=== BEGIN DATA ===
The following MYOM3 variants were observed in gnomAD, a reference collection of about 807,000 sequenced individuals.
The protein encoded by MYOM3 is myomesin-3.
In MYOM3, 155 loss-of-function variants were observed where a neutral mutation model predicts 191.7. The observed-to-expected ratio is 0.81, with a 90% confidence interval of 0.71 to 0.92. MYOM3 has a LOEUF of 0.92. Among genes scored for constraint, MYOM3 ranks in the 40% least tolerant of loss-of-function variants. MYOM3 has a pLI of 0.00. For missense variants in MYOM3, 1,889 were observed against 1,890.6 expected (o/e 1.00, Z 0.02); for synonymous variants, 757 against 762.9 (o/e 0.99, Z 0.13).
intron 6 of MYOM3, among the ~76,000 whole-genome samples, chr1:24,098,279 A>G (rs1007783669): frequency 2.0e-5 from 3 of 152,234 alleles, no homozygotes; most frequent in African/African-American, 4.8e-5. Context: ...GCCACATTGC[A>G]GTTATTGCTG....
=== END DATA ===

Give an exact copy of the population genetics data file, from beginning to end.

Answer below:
The following MYOM3 variants were observed in gnomAD, a reference collection of about 807,000 sequenced individuals.
The protein encoded by MYOM3 is myomesin-3.
In MYOM3, 155 loss-of-function variants were observed where a neutral mutation model predicts 191.7. The observed-to-expected ratio is 0.81, with a 90% confidence interval of 0.71 to 0.92. MYOM3 has a LOEUF of 0.92. Among genes scored for constraint, MYOM3 ranks in the 40% least tolerant of loss-of-function variants. MYOM3 has a pLI of 0.00. For missense variants in MYOM3, 1,889 were observed against 1,890.6 expected (o/e 1.00, Z 0.02); for synonymous variants, 757 against 762.9 (o/e 0.99, Z 0.13).
intron 6 of MYOM3, among the ~76,000 whole-genome samples, chr1:24,098,279 A>G (rs1007783669): frequency 2.0e-5 from 3 of 152,234 alleles, no homozygotes; most frequent in African/African-American, 4.8e-5. Context: ...GCCACATTGC[A>G]GTTATTGCTG....